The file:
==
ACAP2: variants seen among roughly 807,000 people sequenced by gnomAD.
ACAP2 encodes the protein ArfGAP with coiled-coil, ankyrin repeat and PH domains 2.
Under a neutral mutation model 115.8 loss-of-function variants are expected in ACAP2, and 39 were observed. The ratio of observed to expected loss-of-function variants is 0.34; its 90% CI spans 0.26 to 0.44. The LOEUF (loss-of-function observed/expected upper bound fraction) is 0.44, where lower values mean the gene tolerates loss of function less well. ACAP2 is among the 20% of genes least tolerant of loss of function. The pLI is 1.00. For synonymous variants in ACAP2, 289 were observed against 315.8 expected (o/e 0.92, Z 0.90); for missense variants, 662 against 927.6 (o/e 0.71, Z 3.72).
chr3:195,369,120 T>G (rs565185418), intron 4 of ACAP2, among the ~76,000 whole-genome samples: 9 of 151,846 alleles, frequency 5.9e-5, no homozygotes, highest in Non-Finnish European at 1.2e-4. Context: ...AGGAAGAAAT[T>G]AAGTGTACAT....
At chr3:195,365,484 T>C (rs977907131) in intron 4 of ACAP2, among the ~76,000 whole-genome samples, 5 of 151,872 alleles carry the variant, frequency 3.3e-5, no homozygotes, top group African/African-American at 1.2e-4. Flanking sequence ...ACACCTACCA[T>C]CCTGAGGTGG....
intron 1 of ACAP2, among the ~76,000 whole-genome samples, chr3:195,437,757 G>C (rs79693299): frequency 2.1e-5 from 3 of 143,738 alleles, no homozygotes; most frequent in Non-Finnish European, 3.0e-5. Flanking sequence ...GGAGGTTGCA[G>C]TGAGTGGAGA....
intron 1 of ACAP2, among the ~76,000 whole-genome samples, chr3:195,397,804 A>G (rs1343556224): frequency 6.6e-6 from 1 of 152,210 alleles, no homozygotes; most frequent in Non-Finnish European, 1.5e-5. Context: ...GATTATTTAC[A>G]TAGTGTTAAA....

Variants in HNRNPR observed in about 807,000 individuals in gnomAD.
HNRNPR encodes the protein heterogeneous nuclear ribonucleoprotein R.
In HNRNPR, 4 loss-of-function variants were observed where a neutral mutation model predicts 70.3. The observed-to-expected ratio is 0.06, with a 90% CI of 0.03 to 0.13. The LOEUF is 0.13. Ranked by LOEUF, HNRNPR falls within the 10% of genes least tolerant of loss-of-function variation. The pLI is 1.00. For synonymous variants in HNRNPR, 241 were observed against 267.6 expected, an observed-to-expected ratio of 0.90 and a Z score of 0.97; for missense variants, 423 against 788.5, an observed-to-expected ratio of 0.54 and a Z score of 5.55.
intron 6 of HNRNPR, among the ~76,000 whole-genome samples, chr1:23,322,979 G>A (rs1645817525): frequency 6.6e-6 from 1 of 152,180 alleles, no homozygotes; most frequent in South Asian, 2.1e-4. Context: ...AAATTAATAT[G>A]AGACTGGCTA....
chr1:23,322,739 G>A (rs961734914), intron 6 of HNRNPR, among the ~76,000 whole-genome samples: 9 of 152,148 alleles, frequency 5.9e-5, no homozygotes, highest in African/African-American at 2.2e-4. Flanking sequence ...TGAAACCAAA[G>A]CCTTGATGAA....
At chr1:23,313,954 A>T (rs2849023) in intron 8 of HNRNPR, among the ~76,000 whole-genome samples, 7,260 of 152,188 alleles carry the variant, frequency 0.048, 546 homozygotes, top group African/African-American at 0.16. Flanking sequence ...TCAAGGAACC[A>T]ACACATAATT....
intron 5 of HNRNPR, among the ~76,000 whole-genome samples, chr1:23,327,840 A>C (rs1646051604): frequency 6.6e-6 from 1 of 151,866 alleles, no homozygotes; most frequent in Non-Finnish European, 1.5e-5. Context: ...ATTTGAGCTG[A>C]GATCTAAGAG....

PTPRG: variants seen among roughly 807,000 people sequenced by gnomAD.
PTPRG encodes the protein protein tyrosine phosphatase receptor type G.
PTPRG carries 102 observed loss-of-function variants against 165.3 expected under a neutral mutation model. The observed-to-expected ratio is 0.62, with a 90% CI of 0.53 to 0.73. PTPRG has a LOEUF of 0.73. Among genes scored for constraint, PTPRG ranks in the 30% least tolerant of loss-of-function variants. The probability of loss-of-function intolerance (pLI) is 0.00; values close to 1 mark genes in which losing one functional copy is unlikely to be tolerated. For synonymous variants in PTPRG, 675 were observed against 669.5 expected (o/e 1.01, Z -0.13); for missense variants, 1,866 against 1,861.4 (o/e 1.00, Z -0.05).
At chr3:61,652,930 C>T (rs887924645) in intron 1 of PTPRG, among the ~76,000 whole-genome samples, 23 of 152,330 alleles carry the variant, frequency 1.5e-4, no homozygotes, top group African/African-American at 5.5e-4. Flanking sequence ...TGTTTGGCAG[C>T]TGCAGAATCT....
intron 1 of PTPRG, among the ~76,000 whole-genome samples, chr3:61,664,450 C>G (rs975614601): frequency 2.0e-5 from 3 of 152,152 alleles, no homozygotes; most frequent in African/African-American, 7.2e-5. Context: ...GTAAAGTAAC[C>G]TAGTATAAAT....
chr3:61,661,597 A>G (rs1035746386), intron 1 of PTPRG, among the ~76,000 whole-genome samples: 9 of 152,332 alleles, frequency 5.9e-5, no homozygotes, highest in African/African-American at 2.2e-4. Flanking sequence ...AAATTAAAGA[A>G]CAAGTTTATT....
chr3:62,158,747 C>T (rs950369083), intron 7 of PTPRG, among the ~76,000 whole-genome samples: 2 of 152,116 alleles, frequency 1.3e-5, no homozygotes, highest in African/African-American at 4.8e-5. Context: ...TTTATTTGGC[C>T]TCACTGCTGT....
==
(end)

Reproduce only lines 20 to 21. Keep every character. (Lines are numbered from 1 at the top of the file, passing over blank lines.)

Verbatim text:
chr3:61,661,597 A>G (rs1035746386), intron 1 of PTPRG, among the ~76,000 whole-genome samples: 9 of 152,332 alleles, frequency 5.9e-5, no homozygotes, highest in African/African-American at 2.2e-4. Flanking sequence ...AAATTAAAGA[A>G]CAAGTTTATT....
chr3:62,158,747 C>T (rs950369083), intron 7 of PTPRG, among the ~76,000 whole-genome samples: 2 of 152,116 alleles, frequency 1.3e-5, no homozygotes, highest in African/African-American at 4.8e-5. Context: ...TTTATTTGGC[C>T]TCACTGCTGT....